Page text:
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"Bloom Where You Are Planted"

The parable of the wheat and the weeds is about creating the right environment for everyone to “shine like the sun.”

There are some problems we face as a world community that are simultaneously very simple and very complex. For example, climate scientists have recommended that plant-based diets are one of the best ways for human communities to slow climate change. The rationale has been that feeding animals, especially cattle, requires enormous amounts of energy to produce beef. Beyond that, cows produce a lot of methane, which is one gas that is causing our planet to warm.1

However, there are other scientists that say plant-based diets are not enough to slow or reverse climate change.2 Some even warn that plant-based diets can have dangerous health consequences.3 I recently overheard friends at a dinner party ponder how plant-based diets would impact soil content, if we were forced to grow more crops to feed more people. There is also the cultural problem of all the meat-based meals and products we have come to enjoy. How does one effect cultural change on such a large scale?

While the advice of scientists to adopt a more plant-based diet seems simple enough, and even soundly logical and well-reasoned, it’s actually very complex advice. The problem of climate change is complex. Human communities are complex. Cultural norms are complex. Food culture is complex. Even our trust in scientists and our relationship to science is complex.

The fact is, there are very few problems that have crystal-clear solutions. Binaries are often false, and there are shades of grey all around us. When an issue is presented as having clear right or wrong properties, we should slow down and ask questions.

The parable of the weeds among the wheat is presented as a straight-forward situation. Someone has planted a wheat field, but their efforts have been sabotaged by an enemy who sowed weeds among the wheat. It is now impossible to separate the weeds from the wheat until it is time to harvest. The weeds represent children of the evil one while the wheat represents the children of the kingdom of God. The harvest seems to represent day of judgment where weeds/children of evil are destroyed so that wheat/children of God can thrive. The problem is, there are no such categories in our world. There never has been a group of people who are clearly “children of the evil one” and others that are clearly “children of God.” The binary that is presented is false. The real world is far more complex.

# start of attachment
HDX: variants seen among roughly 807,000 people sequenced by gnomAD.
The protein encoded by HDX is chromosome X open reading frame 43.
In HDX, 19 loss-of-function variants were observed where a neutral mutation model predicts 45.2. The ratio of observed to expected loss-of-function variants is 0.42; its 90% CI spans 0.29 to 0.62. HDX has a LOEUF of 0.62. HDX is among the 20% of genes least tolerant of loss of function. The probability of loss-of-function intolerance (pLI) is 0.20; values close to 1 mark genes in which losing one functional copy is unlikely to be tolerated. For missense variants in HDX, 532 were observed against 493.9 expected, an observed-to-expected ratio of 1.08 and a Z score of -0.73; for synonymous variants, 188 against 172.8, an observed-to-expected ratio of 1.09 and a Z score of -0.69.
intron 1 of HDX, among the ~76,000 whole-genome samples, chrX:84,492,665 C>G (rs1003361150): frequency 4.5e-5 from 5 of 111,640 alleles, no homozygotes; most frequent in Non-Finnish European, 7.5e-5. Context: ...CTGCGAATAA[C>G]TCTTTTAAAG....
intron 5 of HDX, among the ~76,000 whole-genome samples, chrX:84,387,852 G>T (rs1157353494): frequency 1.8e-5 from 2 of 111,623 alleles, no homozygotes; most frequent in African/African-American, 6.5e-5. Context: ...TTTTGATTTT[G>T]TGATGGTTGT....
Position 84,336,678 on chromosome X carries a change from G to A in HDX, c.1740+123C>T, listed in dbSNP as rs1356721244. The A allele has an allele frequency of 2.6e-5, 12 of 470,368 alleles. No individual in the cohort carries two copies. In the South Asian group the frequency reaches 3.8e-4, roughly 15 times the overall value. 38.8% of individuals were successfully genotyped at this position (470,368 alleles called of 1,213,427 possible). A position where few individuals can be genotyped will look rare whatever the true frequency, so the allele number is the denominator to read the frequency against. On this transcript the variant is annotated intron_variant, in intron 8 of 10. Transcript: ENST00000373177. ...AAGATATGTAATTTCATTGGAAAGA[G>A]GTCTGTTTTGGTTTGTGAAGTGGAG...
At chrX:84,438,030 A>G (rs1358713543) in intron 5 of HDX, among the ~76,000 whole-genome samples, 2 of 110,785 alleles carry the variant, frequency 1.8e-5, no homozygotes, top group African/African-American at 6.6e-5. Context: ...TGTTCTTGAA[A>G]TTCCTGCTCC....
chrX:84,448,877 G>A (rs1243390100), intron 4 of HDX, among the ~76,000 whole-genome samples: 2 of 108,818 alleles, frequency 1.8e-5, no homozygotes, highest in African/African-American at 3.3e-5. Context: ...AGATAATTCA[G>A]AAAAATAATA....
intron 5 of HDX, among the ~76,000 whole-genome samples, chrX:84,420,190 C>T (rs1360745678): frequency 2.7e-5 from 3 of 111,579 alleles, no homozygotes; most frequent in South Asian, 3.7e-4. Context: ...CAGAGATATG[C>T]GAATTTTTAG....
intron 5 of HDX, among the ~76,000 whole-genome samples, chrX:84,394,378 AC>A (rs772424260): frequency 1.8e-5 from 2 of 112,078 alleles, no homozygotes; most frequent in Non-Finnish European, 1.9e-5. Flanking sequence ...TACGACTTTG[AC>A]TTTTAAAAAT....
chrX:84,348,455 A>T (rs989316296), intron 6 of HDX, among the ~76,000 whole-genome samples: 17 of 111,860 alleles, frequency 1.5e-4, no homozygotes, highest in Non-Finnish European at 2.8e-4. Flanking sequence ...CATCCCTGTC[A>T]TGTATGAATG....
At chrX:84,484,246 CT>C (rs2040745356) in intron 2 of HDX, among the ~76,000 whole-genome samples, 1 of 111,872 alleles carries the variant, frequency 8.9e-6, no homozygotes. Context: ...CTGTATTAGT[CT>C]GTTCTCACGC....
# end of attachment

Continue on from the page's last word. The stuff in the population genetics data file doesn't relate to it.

The problem of the parable becomes even more complicated when we consider other scriptures where God creates the world, and everything in it, and calls it “good.”4 In Genesis, the creation stories indicate that humans are created in God’s image.5 Those historical moments where we have convinced ourselves that some humans are not made by God or not made in God’s image have been dangerous, violent times. Race riots, eugenics, genocide, and civil war are all examples of violence that some humans have perpetrated against other humans because they have lost sight of the image of God in other people. Any text, even a biblical one, that suggests that some people are “children of the evil one” and deserve to be thrown into a fiery furnace, is a dangerous text.

However, just as climate change has no singular answer, neither does the parable of the weeds among the wheat have just one meaning. First, what is a weed? Any gardener can tell you that a weed is a plant growing where it is not wanted. A rose bush in a wheat field is a weed. Wheat in a rose garden is a weed. It is the location of the plant, not the plant itself, that makes a plant a weed.

The parable makes a point that the weeds and the wheat must grow to maturity together because removing the weeds will jeopardize the health of the wheat. It’s not as simple as just eradicating the weeds. Plants have delicate lives, and the field is a precariously balanced place. The displacement of one thing can upset the whole environment.